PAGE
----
In 2004, Kaplan was given the Distinguished Alumni Award by the University of Connecticut. In 2009, he was given the Benjamin Franklin Public Service Award by the Foreign Policy Research Institute in Philadeplphia.

Robert D. Kaplan was born June 23, 1952 in New York City. He graduated in 1973 from the University of Connecticut, where he was the features editor of the Connecticut Daily Campus. In 1973 and 1974 he traveled throughout Communist Eastern Europe and parts of the Near East. From 1974 to 1975 he was a reporter for the Rutland Daily Herald in Vermont. In 1975, he left the United States to travel throughout the Arab and Mediterranean worlds, beginning a period of 16 years living overseas. He served a year in the Israel Defense Forces and lived for nine years in Greece and Portugal. He has been married to Maria Cabral since 1983. They live in the Berkshires in western Massachusetts. They have one son, Michael, who is married with two daughters and works for an investment bank in Boston.

About the Moderator

Fletcher D. Cox is an Associate Professor with tenure in the Political Science Department at William Jewell College. He specializes in international political economy, international peace and security, civil wars and political violence, and peacebuilding in divided societies from a comparative perspective. At the University of Denver, where he completed his Ph.D., Fletcher is a Global Fellow for the Institute for Comparative and Regional Studies, currently working as a Principal Investigator for the Inclusive Governance and Fragility Research Project (IGFRP), a comparative study of inclusive governance interventions and conflict prevention dynamics in collaboration with the United Nations Development Programme (UNDP). His research on political violence, peacebuilding, and democratization has been published with Peace and Change: A Journal of Peace Research, Oxford University Press, Routledge, and International IDEA. Fletcher also recently co-authored and co-edited a book titled, Peacebuilding in Deeply Divided Societies: Toward Social Cohesion, a comparative analysis of peace processes in seven conflict-affected countries funded by a major grant from the Henry Luce Foundation for Religion and International Affairs. In addition to his teaching and research experience, Fletcher studied international affairs and religion at Harvard University (MTS), and has managed relief, development, and peacebuilding programs in multiple disaster and conflict-affected communities including in Haiti, Nepal, Kenya, Rwanda, Sudan, and South Sudan.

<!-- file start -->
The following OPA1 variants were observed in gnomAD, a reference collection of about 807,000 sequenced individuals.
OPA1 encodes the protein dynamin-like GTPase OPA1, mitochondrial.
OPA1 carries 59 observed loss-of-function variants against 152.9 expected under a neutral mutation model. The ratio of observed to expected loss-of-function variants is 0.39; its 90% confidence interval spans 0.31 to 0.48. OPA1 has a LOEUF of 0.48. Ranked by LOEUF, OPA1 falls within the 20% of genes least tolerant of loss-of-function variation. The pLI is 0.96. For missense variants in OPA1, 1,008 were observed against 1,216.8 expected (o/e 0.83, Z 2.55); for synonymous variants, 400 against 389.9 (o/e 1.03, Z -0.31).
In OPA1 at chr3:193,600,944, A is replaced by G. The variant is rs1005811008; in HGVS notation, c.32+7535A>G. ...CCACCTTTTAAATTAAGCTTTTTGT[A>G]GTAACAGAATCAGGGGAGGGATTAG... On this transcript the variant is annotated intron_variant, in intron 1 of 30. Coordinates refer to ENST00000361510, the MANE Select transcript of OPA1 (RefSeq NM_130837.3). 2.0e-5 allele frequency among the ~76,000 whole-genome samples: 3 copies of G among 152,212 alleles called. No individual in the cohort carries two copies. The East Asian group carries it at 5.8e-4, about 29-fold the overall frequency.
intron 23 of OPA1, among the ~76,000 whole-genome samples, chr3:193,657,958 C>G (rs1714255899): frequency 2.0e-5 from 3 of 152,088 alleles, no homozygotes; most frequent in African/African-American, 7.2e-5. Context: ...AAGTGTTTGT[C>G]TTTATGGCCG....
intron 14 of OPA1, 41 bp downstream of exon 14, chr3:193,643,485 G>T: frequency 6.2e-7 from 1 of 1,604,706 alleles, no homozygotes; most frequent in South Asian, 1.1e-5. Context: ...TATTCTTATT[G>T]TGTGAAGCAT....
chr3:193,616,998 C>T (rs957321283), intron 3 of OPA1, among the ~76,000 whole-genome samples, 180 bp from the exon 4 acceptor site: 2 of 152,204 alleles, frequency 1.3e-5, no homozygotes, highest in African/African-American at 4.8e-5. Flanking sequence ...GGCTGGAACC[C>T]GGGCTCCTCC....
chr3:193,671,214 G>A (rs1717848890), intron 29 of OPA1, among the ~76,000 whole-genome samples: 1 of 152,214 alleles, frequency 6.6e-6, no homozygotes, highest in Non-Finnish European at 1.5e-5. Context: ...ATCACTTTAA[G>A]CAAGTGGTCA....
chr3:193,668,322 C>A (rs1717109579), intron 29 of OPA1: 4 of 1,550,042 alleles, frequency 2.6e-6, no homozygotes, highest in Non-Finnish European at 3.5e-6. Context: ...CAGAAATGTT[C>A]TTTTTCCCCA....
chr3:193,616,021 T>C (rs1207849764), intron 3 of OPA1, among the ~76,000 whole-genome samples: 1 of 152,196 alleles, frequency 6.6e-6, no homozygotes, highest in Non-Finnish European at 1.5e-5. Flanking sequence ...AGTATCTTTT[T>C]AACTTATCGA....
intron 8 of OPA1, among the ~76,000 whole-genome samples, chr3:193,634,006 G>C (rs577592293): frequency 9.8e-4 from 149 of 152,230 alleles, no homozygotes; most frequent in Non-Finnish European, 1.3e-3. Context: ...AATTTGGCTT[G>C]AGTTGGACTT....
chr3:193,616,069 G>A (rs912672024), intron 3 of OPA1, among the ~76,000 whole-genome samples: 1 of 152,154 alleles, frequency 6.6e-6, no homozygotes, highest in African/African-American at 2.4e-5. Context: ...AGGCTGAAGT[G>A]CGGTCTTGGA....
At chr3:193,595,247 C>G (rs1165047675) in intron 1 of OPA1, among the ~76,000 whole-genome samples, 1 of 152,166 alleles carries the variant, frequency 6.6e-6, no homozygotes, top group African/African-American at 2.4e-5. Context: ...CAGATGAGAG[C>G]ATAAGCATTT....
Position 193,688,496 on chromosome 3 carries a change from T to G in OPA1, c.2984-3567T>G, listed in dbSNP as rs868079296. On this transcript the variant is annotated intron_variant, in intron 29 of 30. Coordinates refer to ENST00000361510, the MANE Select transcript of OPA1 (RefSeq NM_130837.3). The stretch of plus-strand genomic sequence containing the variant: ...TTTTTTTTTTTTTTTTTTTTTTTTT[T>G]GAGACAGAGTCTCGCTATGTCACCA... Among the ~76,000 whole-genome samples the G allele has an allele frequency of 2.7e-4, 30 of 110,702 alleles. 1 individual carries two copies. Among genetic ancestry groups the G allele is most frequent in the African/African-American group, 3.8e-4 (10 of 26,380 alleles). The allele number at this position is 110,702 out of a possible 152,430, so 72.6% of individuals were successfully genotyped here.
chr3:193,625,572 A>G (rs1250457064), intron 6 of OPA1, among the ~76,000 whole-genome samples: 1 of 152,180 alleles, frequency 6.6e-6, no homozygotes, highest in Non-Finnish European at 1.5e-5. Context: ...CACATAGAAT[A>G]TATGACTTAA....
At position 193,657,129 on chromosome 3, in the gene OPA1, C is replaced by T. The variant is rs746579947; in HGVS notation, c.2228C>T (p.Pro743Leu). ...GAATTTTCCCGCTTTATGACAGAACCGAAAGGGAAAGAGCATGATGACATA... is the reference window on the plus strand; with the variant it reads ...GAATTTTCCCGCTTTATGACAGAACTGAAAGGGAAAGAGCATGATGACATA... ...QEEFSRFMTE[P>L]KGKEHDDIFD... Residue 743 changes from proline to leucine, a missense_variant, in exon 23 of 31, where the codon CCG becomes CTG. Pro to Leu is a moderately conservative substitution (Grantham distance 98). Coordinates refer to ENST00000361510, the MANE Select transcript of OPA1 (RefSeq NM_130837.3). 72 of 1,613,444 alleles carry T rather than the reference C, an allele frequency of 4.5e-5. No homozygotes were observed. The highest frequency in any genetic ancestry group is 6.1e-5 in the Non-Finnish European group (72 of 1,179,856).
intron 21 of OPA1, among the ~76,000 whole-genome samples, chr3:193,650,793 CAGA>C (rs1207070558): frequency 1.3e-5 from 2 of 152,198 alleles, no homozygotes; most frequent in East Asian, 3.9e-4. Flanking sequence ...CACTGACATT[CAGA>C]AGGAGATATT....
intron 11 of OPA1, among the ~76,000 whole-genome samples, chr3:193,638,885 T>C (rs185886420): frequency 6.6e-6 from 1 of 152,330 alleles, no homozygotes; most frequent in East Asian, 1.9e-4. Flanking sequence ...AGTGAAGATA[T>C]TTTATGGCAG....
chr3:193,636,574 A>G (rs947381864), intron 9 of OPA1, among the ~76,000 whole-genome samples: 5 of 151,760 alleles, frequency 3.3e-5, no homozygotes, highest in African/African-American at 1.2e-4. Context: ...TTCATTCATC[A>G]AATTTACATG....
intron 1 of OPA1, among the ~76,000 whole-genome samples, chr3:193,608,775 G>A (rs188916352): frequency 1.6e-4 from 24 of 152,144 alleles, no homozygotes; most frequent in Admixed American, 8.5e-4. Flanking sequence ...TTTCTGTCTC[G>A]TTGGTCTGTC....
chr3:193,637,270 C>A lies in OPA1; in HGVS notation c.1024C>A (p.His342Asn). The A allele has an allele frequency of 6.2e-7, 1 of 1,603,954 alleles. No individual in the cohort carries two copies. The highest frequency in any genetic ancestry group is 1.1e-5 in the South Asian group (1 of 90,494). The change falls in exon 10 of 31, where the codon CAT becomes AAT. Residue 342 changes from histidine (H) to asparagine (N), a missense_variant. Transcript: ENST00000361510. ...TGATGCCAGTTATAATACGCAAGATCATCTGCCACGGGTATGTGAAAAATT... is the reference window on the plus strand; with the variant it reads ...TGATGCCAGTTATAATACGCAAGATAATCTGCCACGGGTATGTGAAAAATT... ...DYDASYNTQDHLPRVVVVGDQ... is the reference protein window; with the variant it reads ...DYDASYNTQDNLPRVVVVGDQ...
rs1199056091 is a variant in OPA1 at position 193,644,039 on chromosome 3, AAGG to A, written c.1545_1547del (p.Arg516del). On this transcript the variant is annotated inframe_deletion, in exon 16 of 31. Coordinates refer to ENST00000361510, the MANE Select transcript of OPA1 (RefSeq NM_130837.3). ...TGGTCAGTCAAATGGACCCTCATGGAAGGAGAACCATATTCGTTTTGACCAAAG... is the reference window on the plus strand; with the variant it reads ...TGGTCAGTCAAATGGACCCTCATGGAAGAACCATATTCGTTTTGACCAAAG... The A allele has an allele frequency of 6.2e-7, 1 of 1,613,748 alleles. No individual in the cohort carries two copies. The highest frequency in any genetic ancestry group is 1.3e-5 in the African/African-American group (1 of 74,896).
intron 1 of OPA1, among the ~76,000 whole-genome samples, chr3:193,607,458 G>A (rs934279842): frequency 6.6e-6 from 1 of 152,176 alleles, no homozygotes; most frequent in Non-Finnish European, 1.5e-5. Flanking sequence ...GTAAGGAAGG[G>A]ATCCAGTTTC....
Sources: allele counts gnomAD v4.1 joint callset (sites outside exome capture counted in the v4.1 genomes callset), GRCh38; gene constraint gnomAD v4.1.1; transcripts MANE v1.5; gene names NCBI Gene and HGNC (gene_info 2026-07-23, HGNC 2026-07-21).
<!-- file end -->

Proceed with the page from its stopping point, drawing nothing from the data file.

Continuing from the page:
Where to Obtain Book